Latest Four Gate Whiskey Release A 10 Year Old Straight Tennessee Whiskey

Four Gate Whiskey Company, founded by Bill Straub and Bob D’Antoni as the Chief Blending Officer and Chief Barrel Officer, respectively, continues to make strides as an independent bottler in the American whiskey market. The company is now on to batch 8 of its releases, this time with the whiskey being a 10 year old Tennessee Straight Bourbon that’s a bit of a departure from some other batches, which are cask finished.

The new Four Gate Batch 8 “Tennessee Foundation,” according to those behind it, is drawn from a selection of five barrels of 10 Year Old Tennessee Straight Bourbon with a mash bill of 84% corn, 8% rye and 8% malted barley. It is bottled without chill filtering, and follows in the footsteps of two unfinished Kentucky Straight Bourbon Whiskey batches.

Four Gate Batch 8

Four Gate Batch 8 (image via Four Gate Whiskey Company)

“I’m really pleased with the results,” said Straub in a prepared statement. “I don’t think we could possibly present this whiskey any better than we have with this blend.”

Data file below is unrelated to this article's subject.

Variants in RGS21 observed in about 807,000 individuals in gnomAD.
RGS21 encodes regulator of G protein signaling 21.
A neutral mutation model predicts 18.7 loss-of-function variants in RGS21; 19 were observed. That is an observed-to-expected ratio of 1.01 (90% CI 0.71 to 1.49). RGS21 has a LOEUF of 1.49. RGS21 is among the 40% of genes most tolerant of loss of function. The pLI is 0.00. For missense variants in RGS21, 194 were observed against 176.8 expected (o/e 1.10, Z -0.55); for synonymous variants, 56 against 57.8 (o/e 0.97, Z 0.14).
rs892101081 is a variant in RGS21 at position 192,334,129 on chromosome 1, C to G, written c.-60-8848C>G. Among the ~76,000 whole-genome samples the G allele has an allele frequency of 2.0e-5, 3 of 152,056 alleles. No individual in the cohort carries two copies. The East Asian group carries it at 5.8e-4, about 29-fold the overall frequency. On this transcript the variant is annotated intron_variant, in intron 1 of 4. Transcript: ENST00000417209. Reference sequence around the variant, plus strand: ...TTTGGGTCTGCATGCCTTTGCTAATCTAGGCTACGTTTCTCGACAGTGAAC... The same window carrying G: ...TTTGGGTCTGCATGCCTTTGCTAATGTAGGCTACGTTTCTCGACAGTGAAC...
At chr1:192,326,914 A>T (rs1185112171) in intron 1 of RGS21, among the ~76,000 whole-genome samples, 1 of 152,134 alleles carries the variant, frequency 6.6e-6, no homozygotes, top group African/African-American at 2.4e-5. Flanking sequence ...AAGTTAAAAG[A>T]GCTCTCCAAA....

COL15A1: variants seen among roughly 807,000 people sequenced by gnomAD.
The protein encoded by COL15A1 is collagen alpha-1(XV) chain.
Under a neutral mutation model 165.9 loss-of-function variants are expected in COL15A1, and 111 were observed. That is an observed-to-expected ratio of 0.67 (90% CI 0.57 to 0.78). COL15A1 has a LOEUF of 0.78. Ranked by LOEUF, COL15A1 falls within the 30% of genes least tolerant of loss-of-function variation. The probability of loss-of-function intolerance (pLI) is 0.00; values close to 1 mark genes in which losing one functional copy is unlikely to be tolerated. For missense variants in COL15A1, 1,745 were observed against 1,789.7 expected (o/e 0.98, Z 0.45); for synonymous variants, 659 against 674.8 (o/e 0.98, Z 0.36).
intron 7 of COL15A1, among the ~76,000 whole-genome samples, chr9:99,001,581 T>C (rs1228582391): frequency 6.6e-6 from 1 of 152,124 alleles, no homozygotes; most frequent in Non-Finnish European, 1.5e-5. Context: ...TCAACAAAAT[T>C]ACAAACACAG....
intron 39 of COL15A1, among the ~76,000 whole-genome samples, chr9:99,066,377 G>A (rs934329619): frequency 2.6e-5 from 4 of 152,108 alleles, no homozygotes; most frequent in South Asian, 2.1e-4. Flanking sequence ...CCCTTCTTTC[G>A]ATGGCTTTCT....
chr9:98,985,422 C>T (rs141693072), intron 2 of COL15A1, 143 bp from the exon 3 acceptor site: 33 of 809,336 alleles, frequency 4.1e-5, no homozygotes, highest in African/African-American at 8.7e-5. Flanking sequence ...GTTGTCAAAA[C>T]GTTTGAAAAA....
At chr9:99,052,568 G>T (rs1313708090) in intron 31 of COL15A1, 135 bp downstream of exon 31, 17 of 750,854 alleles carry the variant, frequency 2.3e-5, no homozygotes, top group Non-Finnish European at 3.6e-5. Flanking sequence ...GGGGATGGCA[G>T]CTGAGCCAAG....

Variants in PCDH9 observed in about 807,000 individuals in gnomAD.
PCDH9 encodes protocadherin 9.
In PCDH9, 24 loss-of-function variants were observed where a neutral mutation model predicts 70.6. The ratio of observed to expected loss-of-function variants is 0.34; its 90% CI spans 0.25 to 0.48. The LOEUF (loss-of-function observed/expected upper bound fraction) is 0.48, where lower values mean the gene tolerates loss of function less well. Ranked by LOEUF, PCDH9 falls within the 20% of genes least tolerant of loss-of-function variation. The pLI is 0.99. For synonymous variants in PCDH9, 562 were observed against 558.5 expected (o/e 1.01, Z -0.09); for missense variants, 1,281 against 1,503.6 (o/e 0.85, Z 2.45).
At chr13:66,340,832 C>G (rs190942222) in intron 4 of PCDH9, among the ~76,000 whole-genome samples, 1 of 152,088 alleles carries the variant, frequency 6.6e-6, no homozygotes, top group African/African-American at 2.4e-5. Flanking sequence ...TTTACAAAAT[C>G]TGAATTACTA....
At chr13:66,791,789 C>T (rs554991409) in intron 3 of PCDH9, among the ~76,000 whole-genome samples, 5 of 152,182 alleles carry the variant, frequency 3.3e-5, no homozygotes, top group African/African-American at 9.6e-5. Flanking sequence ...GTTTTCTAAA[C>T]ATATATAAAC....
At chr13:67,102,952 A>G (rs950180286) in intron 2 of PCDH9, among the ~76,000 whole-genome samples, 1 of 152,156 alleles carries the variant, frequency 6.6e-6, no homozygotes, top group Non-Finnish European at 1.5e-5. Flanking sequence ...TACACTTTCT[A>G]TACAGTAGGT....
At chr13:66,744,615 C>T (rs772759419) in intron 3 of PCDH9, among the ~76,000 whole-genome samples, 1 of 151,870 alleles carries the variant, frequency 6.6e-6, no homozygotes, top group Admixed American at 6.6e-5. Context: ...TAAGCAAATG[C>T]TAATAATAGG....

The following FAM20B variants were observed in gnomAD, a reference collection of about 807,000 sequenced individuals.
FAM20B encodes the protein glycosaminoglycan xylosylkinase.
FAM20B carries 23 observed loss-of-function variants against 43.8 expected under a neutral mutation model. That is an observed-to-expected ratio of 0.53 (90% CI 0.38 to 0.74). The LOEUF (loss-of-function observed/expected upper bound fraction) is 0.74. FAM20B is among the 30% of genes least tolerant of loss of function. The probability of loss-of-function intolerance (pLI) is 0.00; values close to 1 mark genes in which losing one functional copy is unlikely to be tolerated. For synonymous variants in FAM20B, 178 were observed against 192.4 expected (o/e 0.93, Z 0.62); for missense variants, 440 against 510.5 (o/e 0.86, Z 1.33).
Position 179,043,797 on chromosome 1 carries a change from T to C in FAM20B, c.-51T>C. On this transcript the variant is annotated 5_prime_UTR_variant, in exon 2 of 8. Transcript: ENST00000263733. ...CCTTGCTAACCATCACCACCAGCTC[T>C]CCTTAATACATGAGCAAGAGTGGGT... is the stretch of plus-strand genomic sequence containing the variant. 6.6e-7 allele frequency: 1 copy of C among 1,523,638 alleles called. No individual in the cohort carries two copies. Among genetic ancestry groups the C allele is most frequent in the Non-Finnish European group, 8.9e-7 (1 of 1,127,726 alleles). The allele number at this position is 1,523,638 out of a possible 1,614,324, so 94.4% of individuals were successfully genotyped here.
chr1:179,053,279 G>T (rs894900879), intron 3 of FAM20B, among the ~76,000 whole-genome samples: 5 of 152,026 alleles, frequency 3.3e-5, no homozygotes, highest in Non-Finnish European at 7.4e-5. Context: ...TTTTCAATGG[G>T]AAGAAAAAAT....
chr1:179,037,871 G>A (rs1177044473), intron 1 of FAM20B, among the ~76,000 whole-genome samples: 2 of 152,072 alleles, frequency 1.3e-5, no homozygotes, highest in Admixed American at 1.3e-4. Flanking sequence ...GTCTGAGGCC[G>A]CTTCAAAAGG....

As it stands right now plans call for just 812 bottles, each with a proof of 56.1% ABV, to be released in Kentucky, Tennessee, and online. Price point has been set at around $150 per 750 ml bottle. You’ll find some official tasting notes below for your consideration from the brand.

  • Appearance: Dark amber, rich mahogany
  • Nose: Macadamia nuts, chocolate, coffee and rich leather.
  • Taste: Peanuts, oak, hints of cinnamon, and earthy tobacco.
  • Finish: Medium, the nutty and earthy characteristics linger to a pleasant close.

As a side note, part of the reason this particular release came about is tied to the fact that those unfinished Kentucky bourbon releases mentioned earlier were so limited in availability that “ only a handful of those bottles made it to our second major market in Tennessee – or outside of Kentucky at all.”

“We knew when we released batch 5 (Foundation) that there were so few bottles, our customers in Tennessee would likely miss out,” said D’Antoni. “Our distributor in Tennessee asked us if we could do something else for markets outside of Kentucky, so we answered the call.”

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